Newport This Week

The Gulls are Here to Stay



It is right for a gull to fly, that freedom is the very nature of his being, that whatever stands against that freedom must be set aside, be it ritual or superstition or limitation in any form.

“Jonathan Livingston Seagull,” by Richard Bach

Sunset at Battery Park is one of the joys of living in the City by the Sea. Sitting on a bench with a friend the other night, watching the bright red sun sink slowly into the horizon, my attention was drawn to the large birds winging by.

The gulls appeared as silhouettes against the darkening sky. Their crooked wings were outstretched to catch the updraft off the sea wall, so they could soar without moving a feather. Silent for once, just playing in the wind before night fell, they went to roost.

Much of the year, like the crows of Newport, the gulls seem to commute to work each day before returning home to the safety of the flock in the evening. Crows gather in trees, but gulls spend the dark hours on the water or in open areas, like beaches, parking lots or athletic fields. The many eyes of the flock and the open roost areas afford an excellent chance of spying a predator before damage can be done.

Illustration by Dorcie Sarantos

Illustration by Dorcie Sarantos

Also, like crows, gulls have evolved into opportunistic scavengers who will feed on what is available, whether that be washed up clams, earthworms after a rain storm, or French fries from a dumpster.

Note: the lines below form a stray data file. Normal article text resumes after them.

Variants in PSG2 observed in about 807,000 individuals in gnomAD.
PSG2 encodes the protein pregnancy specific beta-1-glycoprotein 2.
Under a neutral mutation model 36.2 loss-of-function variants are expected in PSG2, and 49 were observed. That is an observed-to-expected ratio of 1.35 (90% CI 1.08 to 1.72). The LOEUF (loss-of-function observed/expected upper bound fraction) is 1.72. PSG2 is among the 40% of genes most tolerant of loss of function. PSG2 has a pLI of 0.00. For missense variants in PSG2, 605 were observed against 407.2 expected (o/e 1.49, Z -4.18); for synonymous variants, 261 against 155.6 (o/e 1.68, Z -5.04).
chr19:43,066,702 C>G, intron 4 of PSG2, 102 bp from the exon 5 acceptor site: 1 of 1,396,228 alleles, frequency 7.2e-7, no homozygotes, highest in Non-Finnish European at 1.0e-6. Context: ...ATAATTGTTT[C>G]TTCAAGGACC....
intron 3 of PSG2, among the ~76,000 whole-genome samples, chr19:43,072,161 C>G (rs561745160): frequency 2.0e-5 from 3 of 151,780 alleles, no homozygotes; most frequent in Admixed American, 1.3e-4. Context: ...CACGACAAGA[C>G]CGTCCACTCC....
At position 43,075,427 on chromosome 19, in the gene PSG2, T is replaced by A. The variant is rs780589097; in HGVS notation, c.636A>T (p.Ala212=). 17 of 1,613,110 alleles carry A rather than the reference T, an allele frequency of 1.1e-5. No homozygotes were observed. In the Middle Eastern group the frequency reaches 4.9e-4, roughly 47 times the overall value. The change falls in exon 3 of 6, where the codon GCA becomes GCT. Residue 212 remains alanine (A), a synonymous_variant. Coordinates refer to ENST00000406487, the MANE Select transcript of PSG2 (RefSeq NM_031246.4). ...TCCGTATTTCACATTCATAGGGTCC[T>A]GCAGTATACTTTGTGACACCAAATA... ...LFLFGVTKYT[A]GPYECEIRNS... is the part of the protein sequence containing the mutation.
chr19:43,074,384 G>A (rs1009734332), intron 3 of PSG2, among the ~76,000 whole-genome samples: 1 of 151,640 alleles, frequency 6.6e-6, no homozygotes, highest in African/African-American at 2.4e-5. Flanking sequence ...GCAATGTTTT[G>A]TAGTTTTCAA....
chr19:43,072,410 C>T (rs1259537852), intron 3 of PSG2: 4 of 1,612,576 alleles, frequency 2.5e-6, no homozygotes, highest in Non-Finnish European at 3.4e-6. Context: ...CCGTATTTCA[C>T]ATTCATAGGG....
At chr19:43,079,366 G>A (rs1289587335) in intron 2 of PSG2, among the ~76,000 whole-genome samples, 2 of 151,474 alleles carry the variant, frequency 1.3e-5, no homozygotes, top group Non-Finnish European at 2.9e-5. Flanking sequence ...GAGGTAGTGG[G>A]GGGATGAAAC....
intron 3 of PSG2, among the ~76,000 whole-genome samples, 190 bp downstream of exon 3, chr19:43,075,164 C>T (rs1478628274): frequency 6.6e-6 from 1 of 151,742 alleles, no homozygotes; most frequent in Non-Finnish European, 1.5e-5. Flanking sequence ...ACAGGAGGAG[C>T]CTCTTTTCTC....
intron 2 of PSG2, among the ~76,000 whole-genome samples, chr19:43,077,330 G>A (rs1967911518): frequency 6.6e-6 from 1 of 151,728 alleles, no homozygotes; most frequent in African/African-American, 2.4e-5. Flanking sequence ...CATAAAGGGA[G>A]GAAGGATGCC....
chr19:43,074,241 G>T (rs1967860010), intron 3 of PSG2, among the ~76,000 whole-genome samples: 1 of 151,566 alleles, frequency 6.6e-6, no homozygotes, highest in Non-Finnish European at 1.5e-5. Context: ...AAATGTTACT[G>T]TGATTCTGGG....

Rather than shrinking from human development, gulls have learned to take full advantage of it. Parking lots poured over their sandy habitat? Perfect for dropping clams and crabs to get at the tender meat inside. People crowding their nesting areas? Well, they come with all sorts of snacks.

Personally, I am still a little bitter about the ham sandwich that was stolen directly out of my hand five summers ago. But I do like watching the gulls walk up to a beach blanket, take the lid off the cooler and proceed to rummage through a picnic lunch. I can imagine that Fort Adams after the folk festival is like a gourmet restaurant for the gulls and crows.

Nature lover Laureen Parmelee of Newport is senior director of education at the Audubon Society of Rhode Island.

Nature lover Laureen Parmelee of Newport is senior director of education at the Audubon Society of Rhode Island.

Many people lump all gulls together under the heading “seagull.” However, there are at least 28 species of gulls in North America, and a few of them have been known to interbreed. They also take several years to mature, with the young birds moving through different color patterns as they grow. All this makes gulls an interesting identification challenge for birders.

If you watch the gulls at Second Beach, you will notice there is a hierarchy of power determined by their size and attitude. The great black-backed gull is at the top of the pecking order, followed by the herring gull, with the ringbilled and laughing gulls demurely coming in last. Great black-back gulls are, in fact, the largest gull species in the world, with a wingspan of five feet and weighing up to 4.5 pounds. Their brashness reflects their size, and they will often bully and steal food from other birds.